As someone who started his freelance career on Upwork, I would always be thankful for the opportunities and connections I found there. The ride was amazing (and so were the earnings).
But I would never say it was a smooth sailing ride.
In fact, I really had a hard time in the beginning. I was stuck with finding jobs that even a twelve-year-old kid can do and wasted time and connects applying to dozens of jobs. That was before I discovered my talent in writing.
That’s why I compiled these tips for those of you who are yet to start your Upwork journey. I know how hard it can get. But rest assured, after you read this article, you will have a better understanding of the platform and how to make it work for you.
Let’s get started.
Tip #1: Always start with the good things
Since the first time I created my profile, I must’ve changed the title and the overview more than twenty times. I couldn’t figure out how to make it better and stand out.
People kept telling me to change my title, which I did, but I’m still not satisfied.
After I put myself in the shoes of someone who’s looking for help, it hit me that my description is quite a turnoff. There’s nothing good with it, just the usual “hire me because I’m this and that”.
What I did was I examined the profiles of top and popular Upwork freelancers. I made a note of how different their profiles were to mine.
It was so obvious from my profile that I was an amateur — that I was probably someone who doesn’t have any experience.
Here’s what I figured out:
- Make your title simple and searchable (for Upwork SEO)
- Then, on the description portion, enter any testimonials you have in your arsenal
Don’t Think Too Much About Your Title
Yes, it’s quite tempting to be clever with your title. I’ve read so many profiles with titles like “Let’s work together to create something awesome” or “Let’s make your next project a success”.
(There was even a profile I saw with the title “The only freelancer you need”.)
Just so you know I’m not kidding, here’s a proof:
Unless you’re already a popular Upwork freelancer, nobody will ever see your profile unless you submit a proposal. You will not receive any invites from clients looking for work.
After all, I have yet to know of someone who searches for freelancers on Upwork with the keywords…
“Create something awesome”
So how should you do your Upwork title?
Easy — make it clear and simple. Don’t think too much about it. Don’t try to be clever or funny. Ask yourself what your prospective clients will search for if they want to hire someone with your skills.
Here’s a good example from Danny Margulies’s Upwork profile:
Place Testimonials First
If you want to be creative, the overview section of your profile is the perfect place for it. You can go wild in here. Make it seem like you’re the most capable freelancer in the world. Sell your soul if you want to.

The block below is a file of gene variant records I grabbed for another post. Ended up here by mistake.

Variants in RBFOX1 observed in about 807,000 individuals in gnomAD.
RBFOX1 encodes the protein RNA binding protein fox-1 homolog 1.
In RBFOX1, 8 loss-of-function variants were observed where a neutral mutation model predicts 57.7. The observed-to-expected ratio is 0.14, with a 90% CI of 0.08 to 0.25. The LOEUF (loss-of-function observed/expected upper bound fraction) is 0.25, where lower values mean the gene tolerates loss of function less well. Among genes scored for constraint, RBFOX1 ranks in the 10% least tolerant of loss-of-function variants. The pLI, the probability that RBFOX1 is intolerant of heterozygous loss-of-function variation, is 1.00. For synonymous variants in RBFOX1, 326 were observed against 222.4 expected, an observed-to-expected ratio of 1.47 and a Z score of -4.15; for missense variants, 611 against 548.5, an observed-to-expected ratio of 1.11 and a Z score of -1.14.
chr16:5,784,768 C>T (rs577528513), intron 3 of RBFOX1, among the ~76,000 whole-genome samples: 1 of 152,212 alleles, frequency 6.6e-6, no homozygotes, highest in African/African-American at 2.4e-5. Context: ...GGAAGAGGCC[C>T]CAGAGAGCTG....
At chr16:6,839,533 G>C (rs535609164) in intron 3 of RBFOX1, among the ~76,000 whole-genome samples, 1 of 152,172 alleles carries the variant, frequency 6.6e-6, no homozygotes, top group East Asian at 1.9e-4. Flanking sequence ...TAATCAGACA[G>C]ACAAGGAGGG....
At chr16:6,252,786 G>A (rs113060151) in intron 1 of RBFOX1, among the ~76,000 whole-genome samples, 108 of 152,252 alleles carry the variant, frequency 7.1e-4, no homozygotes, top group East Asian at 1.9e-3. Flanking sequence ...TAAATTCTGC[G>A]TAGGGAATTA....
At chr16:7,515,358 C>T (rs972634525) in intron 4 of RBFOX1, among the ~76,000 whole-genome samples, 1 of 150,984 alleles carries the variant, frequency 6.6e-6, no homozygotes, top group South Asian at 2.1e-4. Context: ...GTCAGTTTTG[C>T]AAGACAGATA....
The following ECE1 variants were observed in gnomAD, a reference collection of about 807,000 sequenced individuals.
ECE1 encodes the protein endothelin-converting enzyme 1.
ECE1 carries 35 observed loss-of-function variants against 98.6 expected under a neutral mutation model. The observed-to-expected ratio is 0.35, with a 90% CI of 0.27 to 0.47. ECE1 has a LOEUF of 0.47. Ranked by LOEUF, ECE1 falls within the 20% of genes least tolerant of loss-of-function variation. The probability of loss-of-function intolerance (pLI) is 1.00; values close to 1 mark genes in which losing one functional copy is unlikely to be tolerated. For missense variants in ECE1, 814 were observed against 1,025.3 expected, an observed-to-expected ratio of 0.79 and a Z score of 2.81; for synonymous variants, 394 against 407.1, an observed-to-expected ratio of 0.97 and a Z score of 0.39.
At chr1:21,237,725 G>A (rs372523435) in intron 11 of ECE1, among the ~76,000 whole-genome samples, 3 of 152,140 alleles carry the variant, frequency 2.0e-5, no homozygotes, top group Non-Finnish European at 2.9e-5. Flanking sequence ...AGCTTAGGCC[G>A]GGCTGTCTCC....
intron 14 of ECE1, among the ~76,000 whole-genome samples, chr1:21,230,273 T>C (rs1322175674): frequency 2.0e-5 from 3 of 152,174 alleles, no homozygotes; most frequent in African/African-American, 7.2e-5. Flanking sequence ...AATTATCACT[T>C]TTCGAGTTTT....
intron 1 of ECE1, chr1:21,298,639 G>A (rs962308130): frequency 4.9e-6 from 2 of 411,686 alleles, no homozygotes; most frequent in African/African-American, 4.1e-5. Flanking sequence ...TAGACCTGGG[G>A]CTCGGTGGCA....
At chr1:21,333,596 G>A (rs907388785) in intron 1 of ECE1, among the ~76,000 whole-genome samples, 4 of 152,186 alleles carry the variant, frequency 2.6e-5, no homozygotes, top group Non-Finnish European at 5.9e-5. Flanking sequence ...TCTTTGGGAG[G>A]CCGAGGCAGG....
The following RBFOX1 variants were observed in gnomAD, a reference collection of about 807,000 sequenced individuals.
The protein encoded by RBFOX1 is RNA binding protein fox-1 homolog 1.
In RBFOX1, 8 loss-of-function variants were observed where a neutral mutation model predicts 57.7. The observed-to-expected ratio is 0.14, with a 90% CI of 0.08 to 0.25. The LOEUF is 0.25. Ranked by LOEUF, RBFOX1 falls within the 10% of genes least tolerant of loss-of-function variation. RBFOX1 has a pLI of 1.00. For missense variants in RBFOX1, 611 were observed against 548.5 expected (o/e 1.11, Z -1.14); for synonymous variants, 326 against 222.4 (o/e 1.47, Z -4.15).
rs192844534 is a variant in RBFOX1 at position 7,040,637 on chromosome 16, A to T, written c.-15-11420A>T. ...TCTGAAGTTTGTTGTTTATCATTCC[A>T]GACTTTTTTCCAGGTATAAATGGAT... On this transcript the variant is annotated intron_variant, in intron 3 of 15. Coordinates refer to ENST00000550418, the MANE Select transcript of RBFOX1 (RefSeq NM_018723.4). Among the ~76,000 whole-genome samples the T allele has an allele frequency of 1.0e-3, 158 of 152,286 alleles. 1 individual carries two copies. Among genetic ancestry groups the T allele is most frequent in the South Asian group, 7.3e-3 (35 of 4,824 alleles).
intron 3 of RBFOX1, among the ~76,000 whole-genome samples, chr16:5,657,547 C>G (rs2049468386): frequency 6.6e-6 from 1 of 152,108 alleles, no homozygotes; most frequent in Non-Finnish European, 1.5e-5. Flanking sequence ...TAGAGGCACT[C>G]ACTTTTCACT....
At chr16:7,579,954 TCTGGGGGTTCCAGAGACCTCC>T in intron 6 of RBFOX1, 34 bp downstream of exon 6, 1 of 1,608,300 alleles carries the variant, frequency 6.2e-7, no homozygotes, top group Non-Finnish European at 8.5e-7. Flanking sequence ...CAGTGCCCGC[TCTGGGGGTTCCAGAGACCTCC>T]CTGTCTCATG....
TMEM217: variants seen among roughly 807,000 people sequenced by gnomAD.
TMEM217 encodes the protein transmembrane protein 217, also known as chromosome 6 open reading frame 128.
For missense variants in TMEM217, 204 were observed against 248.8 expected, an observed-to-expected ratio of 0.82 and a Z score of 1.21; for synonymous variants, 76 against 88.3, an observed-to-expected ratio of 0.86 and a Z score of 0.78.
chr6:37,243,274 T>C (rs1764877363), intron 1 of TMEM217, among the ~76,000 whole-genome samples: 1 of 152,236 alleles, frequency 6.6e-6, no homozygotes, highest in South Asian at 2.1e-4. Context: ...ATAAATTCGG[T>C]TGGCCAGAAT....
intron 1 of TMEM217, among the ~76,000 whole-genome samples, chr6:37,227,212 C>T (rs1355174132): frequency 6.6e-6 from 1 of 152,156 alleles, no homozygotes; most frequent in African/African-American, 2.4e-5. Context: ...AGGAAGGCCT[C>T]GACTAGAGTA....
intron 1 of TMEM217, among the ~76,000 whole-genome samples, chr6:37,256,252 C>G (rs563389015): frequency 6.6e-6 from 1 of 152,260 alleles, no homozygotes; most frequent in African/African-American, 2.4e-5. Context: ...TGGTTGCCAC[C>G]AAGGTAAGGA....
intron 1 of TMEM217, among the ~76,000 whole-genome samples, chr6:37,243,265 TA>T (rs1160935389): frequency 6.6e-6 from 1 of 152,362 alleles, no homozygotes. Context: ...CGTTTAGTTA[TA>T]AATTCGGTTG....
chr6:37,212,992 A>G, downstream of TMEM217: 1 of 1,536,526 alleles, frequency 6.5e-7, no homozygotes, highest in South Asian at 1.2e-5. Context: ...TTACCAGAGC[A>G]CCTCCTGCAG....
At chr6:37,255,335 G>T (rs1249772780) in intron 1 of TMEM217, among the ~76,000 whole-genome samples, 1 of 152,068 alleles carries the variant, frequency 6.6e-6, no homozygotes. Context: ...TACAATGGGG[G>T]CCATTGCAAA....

But always place the testimonials first.
Make sure the prospective clients will read first what others think about your services before whatever it is you want to write on your overview. Write at least three testimonials in this section.
Here’s an example:
The usual problem here is that you may not have had any clients before. Therefore, you have no client testimonials to write.
The solution to that is easy! Find a client first, whether on Upwork or in real life, provide them with the best service possible, whether paid or not, ask for their feedback, and post the best feedback on the overview section.
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Tip #2: Don’t be fooled by the budget
In Upwork, you will see many low-ballers who will want to milk you of your energy and time without paying what you’re worth.
Since you couldn’t see before how much budget a client has for a specific project, it’s easy not to get distracted.
But since Upwork rolled out a feature where clients could enter their supposed budget for a project, low-ballers have been using it to lure freelancers into a trap…
Even though they would only pay $5 for a service, they would write $1,000 on the job post.
Something like this…
How did I confirm this?
Yesterday (when I wrote this article), while browsing some Upwork jobs I could take on, I read a post with a big budget (though it was normal for the projects I’m taking). Upon reading the description, the client himself said…
“Don’t mind the budget. I only placed it there to attract freelancers into submitting a proposal.”
Next time I see a post like that one, I’ll be sure to take a screenshot.
Be a Detective
If you see a post like the one above, there’s a 50-50 chance that the client is a low-baller. If you base it alone on his job post and description, you may not know which is which.
That’s why you got to suit up and examine carefully the client’s profile.
Fortunately, this detective work is simpler than it sounds. All you have to do is check the client’s recent history.
The client hired someone to write 101 articles at a little more than $5 each (based on the job post earlier, the word count per article is probably at 2k).
If you’re not familiar with how much writers should be paid for that word count, the client is paying peanuts.
When checking a client’s recent history, check…
- How much the client pay for similar services
- The rate of those freelances who did the services
- What previous freelancers say about the client